Primer has product teams that work on different versions of the service specialized for clients in verticals like finance, retail, and national security. Bossert describes how developers often need to reach across product lines. “Sometimes you might need to pull information from our news database for an experiment. It’s not something you’re familiar with or do everyday. Our teams can be siloed, but if someone needs a bit of code, that’s where Stack Overflow for Teams really shines for us.”
Onboarding - time to coding - development velocity
When developers use a similar tech stack or are working, as in Primer’s case, on different versions of the same product, there is often a shared set of tools. But there are still small variations between teams that create gaps in the knowledge and turn into pain points that reduce productivity. “There’s a legacy that has built up over time, a series of decisions on how exactly the tools are used.” says Stanley Fich, a front end developer. “It’s essential that all the decisions we have made in the past - the little configurations, the answers to how and why we structured our processes - can finally be found in one place. You spend less time looking for these, and more time actually coding.”
"When you get to the point where you can succinctly describe your problem, somebody's been there with you, whether you know it or not,” says Fich with a laugh. He estimates that Teams has helped Primer employees save hundreds of hours by avoiding common questions from new hires. "Being able to build up that knowledge base over time has severely decreased the amount of time it takes to ramp somebody up."
Identifying trends and experts within the organization
The benefits are not just about ease of work and an always up-to-date repository. There are noticeable changes in the company’s culture as well. Junior employees have learned that all opinions are welcome and that they may have knowledge which is valuable to the larger organization. "Using Stack Overflow for Teams has made me more confident,” says Du. “Now, if I see a question that I know the answer to, I don’t hesitate to offer thoughts.”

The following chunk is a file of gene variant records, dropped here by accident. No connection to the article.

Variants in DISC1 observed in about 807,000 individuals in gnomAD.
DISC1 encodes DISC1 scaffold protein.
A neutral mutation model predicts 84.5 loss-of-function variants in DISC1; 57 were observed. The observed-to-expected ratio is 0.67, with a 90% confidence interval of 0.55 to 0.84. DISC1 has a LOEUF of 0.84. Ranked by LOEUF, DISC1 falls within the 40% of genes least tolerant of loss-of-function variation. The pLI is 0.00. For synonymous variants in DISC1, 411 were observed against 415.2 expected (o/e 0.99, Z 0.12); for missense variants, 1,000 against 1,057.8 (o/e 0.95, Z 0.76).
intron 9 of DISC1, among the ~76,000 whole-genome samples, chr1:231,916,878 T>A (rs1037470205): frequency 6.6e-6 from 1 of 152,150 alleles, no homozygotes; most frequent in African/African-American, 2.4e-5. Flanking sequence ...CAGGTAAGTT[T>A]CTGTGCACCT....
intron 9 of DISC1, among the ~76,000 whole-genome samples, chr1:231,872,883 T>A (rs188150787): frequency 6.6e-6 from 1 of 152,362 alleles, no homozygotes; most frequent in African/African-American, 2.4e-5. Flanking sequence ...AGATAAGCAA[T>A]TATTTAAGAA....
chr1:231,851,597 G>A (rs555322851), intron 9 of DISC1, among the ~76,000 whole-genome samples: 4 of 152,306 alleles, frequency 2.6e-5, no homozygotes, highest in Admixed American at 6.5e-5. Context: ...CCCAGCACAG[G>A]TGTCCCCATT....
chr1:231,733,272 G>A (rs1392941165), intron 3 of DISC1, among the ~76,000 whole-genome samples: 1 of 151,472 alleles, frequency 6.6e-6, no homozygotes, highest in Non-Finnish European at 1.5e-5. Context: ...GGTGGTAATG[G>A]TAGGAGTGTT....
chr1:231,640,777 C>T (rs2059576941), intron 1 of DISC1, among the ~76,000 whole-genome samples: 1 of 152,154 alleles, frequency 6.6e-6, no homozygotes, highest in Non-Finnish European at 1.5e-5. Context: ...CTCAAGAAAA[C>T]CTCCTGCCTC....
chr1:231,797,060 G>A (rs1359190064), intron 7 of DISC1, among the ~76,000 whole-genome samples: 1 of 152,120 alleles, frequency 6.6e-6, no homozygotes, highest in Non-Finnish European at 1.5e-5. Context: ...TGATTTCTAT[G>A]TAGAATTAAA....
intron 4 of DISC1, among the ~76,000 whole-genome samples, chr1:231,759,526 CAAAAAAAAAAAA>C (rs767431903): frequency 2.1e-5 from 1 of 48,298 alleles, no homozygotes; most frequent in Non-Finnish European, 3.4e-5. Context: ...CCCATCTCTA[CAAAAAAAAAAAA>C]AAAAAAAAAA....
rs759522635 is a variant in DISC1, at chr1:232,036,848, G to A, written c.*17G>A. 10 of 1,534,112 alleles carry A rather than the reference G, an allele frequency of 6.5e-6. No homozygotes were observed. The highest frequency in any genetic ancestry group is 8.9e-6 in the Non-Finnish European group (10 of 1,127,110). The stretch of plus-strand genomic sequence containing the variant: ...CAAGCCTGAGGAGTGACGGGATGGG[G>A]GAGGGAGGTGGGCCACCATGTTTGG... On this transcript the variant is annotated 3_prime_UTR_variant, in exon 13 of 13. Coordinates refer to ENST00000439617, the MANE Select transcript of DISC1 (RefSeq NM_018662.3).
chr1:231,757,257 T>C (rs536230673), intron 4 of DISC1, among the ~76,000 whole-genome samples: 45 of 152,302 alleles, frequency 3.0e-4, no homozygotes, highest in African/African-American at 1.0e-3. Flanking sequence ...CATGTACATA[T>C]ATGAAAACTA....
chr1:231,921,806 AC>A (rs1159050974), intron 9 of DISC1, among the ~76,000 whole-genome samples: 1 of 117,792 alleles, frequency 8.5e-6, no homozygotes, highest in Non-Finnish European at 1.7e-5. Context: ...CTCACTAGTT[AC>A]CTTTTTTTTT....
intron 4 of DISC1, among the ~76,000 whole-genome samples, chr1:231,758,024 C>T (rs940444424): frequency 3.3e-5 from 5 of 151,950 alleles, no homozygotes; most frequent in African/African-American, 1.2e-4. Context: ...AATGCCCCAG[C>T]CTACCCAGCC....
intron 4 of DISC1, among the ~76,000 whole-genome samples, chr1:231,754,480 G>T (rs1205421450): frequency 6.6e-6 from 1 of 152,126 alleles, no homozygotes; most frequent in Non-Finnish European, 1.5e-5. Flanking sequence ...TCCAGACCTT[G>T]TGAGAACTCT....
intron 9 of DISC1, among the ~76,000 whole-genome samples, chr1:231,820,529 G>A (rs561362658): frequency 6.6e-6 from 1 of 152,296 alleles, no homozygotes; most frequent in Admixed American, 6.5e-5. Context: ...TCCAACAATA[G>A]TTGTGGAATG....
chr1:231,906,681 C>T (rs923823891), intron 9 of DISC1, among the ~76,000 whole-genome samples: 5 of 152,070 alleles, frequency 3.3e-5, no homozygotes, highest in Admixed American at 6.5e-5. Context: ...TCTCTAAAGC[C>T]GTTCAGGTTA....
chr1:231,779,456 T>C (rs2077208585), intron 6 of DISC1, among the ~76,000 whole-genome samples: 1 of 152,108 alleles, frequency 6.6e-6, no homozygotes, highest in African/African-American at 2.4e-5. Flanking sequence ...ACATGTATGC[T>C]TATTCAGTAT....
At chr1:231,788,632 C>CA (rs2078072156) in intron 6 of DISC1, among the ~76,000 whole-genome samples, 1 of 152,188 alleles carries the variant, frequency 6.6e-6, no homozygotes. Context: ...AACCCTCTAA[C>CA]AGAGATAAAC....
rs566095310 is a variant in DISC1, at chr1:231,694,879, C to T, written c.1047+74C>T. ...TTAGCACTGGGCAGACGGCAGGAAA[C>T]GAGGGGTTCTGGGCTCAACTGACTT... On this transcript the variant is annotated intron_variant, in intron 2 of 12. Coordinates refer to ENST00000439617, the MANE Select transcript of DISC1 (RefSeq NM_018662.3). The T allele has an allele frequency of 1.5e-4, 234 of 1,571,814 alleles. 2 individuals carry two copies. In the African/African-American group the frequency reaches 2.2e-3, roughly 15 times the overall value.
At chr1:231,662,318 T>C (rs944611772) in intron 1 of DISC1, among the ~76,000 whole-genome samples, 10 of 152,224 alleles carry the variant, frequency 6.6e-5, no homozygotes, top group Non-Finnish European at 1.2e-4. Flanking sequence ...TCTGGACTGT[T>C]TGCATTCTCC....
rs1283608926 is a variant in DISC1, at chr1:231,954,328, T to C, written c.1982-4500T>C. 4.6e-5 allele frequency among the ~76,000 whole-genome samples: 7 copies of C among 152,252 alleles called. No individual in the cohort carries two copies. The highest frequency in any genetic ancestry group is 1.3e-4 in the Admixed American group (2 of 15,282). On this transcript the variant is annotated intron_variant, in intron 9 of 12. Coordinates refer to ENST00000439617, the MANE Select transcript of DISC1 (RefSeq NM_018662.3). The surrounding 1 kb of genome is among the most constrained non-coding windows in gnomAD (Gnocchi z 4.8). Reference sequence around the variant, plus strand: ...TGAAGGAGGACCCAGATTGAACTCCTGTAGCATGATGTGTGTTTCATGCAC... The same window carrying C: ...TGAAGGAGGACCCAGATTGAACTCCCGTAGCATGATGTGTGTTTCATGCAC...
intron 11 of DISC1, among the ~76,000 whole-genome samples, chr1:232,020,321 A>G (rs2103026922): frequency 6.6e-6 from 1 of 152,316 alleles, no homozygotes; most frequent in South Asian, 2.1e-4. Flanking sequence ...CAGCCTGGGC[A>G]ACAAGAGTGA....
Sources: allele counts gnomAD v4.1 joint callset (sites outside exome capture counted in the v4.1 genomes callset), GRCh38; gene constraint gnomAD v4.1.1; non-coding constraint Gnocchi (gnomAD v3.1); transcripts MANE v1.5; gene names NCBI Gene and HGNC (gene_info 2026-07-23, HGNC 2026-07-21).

When someone has a question, instead of just dropping it into chat and hoping the right person sees it, they can search by tags to see who has contributed most on specific topics. “Say someone has answered 27 questions for a specific tag, you know they are probably the right person to talk to,” says Du.
The activity in Stack Overflow for Teams also offers a roadmap for how to structure DevOps going forward. For example, Bossert believes it has allowed him to spot trends that he might otherwise have missed. "Tags are a great indicator of which tools are used in your organization at any given time. If I see a new language or framework is gaining traction, then I know that might be something we want to invest in." In this way, developers help to lead from the bottom up, orienting the company around the tools that come naturally to them. "We can see if more people are using a new technology at Primer,” says Bossert, “And we can address those trends in policies or conversations about how our tech stack should evolve.”